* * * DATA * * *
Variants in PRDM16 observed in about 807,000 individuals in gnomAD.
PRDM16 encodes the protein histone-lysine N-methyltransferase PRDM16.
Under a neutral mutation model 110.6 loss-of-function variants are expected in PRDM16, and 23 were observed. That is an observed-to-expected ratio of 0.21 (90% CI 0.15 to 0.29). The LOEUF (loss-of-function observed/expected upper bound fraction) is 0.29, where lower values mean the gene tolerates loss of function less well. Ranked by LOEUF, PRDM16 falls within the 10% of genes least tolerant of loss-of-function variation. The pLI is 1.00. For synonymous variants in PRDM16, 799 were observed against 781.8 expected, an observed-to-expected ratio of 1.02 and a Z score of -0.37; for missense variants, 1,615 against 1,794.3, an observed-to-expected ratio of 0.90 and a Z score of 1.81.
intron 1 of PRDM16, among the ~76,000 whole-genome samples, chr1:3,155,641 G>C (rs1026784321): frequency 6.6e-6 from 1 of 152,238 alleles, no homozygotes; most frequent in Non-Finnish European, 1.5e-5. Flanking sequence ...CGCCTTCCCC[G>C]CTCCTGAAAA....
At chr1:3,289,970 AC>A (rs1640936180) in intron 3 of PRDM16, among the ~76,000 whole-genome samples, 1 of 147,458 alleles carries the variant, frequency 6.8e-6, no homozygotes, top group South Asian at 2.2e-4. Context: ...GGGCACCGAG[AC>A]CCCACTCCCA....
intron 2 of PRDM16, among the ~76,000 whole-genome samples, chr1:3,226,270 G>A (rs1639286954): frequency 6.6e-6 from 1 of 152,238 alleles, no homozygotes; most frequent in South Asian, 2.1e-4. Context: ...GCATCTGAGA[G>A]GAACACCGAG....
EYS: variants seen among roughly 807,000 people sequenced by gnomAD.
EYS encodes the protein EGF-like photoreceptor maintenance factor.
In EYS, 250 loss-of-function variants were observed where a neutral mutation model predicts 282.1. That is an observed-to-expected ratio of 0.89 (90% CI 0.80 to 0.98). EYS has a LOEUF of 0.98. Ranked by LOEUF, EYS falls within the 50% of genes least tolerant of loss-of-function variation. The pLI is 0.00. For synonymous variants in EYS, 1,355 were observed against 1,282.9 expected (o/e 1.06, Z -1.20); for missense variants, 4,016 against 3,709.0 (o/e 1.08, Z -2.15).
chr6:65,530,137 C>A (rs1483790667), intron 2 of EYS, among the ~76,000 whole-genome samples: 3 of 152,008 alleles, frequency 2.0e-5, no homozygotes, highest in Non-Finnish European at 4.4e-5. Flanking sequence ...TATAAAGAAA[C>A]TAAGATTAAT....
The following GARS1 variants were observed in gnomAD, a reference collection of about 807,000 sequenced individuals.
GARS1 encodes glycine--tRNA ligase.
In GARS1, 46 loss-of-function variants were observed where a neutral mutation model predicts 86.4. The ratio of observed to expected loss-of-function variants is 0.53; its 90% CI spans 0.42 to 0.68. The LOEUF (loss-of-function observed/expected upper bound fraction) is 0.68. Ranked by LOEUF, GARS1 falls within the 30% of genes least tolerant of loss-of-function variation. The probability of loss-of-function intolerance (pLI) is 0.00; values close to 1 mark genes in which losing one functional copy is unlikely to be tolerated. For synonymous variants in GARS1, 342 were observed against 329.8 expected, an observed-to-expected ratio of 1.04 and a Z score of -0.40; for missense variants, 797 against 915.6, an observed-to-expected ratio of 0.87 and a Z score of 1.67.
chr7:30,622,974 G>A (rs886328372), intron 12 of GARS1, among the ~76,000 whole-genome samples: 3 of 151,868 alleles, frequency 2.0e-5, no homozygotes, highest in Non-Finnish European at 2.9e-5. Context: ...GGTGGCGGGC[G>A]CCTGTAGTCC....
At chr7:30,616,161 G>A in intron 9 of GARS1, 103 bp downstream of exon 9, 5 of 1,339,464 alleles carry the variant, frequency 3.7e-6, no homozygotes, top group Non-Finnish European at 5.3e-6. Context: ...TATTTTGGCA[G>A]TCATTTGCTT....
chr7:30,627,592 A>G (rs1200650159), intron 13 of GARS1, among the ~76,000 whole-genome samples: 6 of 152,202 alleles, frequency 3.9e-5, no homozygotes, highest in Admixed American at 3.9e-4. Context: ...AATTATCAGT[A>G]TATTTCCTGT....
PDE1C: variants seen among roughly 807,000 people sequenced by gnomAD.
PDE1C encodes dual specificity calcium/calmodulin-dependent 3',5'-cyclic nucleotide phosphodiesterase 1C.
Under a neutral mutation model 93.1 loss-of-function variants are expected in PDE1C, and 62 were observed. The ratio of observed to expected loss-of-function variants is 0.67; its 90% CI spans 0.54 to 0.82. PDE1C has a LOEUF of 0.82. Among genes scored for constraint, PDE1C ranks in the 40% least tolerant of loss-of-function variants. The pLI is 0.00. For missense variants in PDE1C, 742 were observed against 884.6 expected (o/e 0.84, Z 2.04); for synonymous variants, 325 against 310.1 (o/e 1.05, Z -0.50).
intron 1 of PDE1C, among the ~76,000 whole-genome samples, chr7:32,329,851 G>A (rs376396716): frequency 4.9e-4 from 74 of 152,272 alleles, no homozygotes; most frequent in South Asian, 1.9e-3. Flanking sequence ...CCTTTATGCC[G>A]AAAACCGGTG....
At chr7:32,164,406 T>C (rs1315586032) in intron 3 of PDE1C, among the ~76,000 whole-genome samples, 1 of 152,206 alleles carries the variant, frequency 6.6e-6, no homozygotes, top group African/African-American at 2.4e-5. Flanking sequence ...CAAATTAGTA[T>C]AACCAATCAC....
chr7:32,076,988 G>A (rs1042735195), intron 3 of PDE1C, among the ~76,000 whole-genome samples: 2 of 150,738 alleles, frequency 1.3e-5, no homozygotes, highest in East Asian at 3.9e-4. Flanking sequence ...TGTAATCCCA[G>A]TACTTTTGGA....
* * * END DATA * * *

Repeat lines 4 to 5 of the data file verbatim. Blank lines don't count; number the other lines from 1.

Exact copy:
intron 1 of PRDM16, among the ~76,000 whole-genome samples, chr1:3,155,641 G>C (rs1026784321): frequency 6.6e-6 from 1 of 152,238 alleles, no homozygotes; most frequent in Non-Finnish European, 1.5e-5. Flanking sequence ...CGCCTTCCCC[G>C]CTCCTGAAAA....
At chr1:3,289,970 AC>A (rs1640936180) in intron 3 of PRDM16, among the ~76,000 whole-genome samples, 1 of 147,458 alleles carries the variant, frequency 6.8e-6, no homozygotes, top group South Asian at 2.2e-4. Context: ...GGGCACCGAG[AC>A]CCCACTCCCA....